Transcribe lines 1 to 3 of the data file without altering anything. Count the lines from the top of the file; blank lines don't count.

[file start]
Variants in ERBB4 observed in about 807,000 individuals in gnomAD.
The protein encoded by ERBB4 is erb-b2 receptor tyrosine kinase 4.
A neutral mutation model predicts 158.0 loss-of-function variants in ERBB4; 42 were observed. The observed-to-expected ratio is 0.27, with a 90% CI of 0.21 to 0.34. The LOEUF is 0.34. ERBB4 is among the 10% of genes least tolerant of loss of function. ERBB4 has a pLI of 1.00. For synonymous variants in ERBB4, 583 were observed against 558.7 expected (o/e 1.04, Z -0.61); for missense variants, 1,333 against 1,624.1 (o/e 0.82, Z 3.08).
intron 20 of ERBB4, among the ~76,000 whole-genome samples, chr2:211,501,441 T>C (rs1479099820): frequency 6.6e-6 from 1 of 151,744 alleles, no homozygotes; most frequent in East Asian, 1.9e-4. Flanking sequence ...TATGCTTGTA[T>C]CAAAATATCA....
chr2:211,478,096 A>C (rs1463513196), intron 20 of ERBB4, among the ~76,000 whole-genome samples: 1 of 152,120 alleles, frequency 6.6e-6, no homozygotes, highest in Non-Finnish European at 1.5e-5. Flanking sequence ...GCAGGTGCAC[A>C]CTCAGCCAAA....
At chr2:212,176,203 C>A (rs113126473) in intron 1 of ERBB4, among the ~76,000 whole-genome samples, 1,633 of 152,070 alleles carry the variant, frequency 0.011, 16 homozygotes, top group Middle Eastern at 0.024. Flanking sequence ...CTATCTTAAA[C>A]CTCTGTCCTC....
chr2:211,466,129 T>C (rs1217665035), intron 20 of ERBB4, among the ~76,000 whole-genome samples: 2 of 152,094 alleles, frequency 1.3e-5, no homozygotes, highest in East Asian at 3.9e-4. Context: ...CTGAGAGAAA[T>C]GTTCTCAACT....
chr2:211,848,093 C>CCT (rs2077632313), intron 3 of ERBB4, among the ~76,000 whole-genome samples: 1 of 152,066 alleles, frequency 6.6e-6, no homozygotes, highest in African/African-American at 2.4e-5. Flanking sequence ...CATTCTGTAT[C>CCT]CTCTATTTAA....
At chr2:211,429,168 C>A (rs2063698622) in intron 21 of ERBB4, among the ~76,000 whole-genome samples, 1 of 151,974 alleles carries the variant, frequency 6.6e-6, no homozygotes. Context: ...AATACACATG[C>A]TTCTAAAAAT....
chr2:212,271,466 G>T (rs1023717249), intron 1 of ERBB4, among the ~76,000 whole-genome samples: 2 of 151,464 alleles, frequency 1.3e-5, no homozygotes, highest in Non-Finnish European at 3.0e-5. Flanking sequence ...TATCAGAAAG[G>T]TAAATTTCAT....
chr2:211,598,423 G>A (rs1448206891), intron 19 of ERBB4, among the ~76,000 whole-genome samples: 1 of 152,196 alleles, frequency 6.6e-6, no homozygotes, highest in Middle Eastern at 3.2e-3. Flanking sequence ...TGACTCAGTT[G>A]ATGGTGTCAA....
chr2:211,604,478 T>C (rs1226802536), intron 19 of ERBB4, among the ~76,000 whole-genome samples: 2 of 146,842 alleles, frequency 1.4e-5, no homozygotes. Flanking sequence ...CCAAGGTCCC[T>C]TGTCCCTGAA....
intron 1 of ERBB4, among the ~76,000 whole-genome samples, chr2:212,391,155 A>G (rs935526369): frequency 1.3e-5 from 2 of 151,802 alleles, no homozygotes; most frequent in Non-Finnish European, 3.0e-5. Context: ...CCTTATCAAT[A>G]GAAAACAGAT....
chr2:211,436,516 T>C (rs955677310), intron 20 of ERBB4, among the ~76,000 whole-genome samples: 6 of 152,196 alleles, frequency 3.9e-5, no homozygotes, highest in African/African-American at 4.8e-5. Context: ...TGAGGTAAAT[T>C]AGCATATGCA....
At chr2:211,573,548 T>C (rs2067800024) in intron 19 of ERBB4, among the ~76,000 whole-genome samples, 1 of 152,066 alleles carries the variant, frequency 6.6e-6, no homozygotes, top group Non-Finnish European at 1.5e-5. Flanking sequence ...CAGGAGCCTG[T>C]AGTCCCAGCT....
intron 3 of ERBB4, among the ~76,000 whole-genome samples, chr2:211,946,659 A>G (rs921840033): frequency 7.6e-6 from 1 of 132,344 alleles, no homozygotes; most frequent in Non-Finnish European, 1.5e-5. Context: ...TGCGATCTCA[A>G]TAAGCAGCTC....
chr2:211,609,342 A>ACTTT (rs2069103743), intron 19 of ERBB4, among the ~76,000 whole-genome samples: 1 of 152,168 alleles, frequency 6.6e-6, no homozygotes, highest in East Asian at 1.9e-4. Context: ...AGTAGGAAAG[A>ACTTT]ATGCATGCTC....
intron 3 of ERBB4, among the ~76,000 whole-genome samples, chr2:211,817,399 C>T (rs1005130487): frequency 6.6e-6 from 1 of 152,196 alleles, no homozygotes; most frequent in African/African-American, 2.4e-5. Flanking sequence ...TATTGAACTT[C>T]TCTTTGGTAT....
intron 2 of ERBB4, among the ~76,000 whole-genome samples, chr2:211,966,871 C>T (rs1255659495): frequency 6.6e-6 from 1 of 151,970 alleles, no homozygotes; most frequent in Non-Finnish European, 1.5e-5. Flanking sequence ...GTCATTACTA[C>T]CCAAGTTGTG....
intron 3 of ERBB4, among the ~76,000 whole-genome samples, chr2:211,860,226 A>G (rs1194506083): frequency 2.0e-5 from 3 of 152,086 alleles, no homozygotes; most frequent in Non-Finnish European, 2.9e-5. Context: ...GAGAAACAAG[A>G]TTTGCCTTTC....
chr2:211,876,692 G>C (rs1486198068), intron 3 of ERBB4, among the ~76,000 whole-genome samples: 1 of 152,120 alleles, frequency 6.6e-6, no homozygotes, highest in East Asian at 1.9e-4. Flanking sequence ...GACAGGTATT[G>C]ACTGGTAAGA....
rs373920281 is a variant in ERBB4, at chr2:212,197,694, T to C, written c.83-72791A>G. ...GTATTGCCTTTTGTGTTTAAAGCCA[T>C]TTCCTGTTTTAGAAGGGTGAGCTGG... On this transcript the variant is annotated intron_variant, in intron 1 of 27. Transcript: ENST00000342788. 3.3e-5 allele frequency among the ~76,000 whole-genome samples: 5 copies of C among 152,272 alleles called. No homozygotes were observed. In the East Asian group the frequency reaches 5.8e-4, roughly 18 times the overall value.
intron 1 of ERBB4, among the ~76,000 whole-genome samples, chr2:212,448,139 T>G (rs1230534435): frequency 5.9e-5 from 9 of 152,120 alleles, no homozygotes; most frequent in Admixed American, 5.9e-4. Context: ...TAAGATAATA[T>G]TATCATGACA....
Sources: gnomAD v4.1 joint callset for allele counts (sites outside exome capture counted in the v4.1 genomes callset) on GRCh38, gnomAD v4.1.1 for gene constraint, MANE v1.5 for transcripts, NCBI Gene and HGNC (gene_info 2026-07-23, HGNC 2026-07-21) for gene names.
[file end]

Variants in ERBB4 observed in about 807,000 individuals in gnomAD.
The protein encoded by ERBB4 is erb-b2 receptor tyrosine kinase 4.
A neutral mutation model predicts 158.0 loss-of-function variants in ERBB4; 42 were observed. The observed-to-expected ratio is 0.27, with a 90% CI of 0.21 to 0.34. The LOEUF is 0.34. ERBB4 is among the 10% of genes least tolerant of loss of function. ERBB4 has a pLI of 1.00. For synonymous variants in ERBB4, 583 were observed against 558.7 expected (o/e 1.04, Z -0.61); for missense variants, 1,333 against 1,624.1 (o/e 0.82, Z 3.08).